Saturday, January 05, 2008

Two-Minute Warning

I've always gotten a kick, for some reason or another, out of those so-called "disaster films" of the '70s.

You know -- all-star casts, big calamity, mass chaos, run for your life kind of thing. The best one, hands down, is Irwin Allen's "The Poseidon Adventure."

But I had seen that one a hundred times, so when I got the urge to watch one, I thought about "Two-Minute Warning," a 1976 Charlton Heston film I'd seen advertised on TBS as a kid. Sure enough, Netflix had it.

"Two-Minute Warning" is set on "Championship Sunday" (aka the Super Bowl) at the Los Angeles Coliseum. A sniper climbs up to the big scoreboard and waits. He's eventually spotted by a guy in the crowd (Beau Bridges) and by the TV cameras mounted on the Goodyear blimp.

Capt. Peter Holly (Heston) is dispatched to the scene. After conferring with Sam McKeever (Martin Balsam), who's in charge of security, Holly calls in the SWAT team. He tells the team's leader (John Cassavetes) that "they do it his way" until the two-minute warning.

Meanwhile the film introduces us to a series of characters peppered throughout the stadium for the big game. Mike Ramsey (Bridges) is here with this family. Stu Sandman (Jack Klugman) has a high stakes bet on the game; he shares his troubles with a priest (Mitchell Ryan). Steve and Janet (David Janssen and Gena Rowlands) are a troubled couple from Baltimore in town for the championship. Walter Pidgeon is a roving pickpocket.

And so it goes. The film isn't much into character development -- well, beyond the usual cliches. The characters are here to serve a purpose. We learn just enough about them to be shocked when a couple of them meet their fate.

Anyway, the SWAT team gets into place, the president of the United States decides to cancel his visit when news of the shooter is leaked, all the VIPs ("potential targets," Holly says) are escorted from the game -- and then all hell breaks loose at the two-minute warning.

Growing up in the '70s must have been a confusing time. The post-Watergate, post-Vietnam era led to some bleak cinema -- apocalyptic, tense, brooding visions of the world, gritty crime dramas, subversive comedies. Other films of the era jumped in the opposite direction, toward fantasy and escapism, carrying with them a "we just want to forget this mess" mentality.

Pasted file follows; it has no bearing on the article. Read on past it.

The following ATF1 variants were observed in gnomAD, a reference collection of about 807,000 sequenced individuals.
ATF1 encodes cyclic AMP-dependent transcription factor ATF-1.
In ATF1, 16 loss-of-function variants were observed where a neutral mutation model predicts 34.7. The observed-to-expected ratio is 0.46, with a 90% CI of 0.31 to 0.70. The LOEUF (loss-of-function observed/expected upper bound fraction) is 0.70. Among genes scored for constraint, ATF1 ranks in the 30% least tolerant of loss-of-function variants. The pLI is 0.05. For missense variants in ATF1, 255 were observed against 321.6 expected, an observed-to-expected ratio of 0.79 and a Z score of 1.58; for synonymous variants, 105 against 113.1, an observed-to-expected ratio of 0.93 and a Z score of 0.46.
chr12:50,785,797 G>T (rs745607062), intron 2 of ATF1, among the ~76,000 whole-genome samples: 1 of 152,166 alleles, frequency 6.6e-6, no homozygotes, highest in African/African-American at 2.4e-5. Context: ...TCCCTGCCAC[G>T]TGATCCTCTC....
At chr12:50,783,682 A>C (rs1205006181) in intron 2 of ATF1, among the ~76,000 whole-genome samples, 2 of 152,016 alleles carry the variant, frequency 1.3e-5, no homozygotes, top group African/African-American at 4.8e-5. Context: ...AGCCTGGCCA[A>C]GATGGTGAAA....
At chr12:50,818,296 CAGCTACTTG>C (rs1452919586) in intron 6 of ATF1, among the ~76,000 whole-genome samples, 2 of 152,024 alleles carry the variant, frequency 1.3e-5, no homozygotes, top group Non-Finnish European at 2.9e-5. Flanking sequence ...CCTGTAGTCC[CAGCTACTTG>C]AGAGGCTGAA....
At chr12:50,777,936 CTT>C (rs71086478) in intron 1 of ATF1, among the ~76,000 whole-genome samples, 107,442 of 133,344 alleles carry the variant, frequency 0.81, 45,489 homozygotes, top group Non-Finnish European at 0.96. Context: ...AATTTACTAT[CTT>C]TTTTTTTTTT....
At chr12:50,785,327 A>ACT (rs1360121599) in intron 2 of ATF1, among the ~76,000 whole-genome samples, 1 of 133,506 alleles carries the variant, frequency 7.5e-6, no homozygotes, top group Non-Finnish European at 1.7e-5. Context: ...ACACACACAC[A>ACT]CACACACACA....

"Two-Minute Warning" is not a classic, but the "panic" scenes at the end of the film are a powerful "what-if." I can't tell you how many times I've wondered what might happen if disaster struck Neyland Stadium when filled to capacity one fall Saturday afternoon. This film gave me an eerily realistic answer, one I didn't much like seeing.

The filmmakers get serious points for filming his at the Coliseum and digging up Howard Cosell and Frank Gifford -- real life sports announcers very popular at the time -- to call the action here. It feels real, even if the football scenes go on a bit too long.

I hate to say this because I've liked him for years, but Charlton Heston isn't much of an actor. Course, he isn't given much to do here but look tough and take charge. And you know how these movies go. The actors aren't in them to win Oscars.

Still, I stayed in my seat for nearly two hours and I can promise you I didn't go anywhere once the shooting started. But if you really want to see a disaster flick at its finest, go rent the original "Poseidon Adventure." That film is wonderful in all of its glorious cheese and contains a certain charm that "Two-Minute Warning" decidedly lacks.

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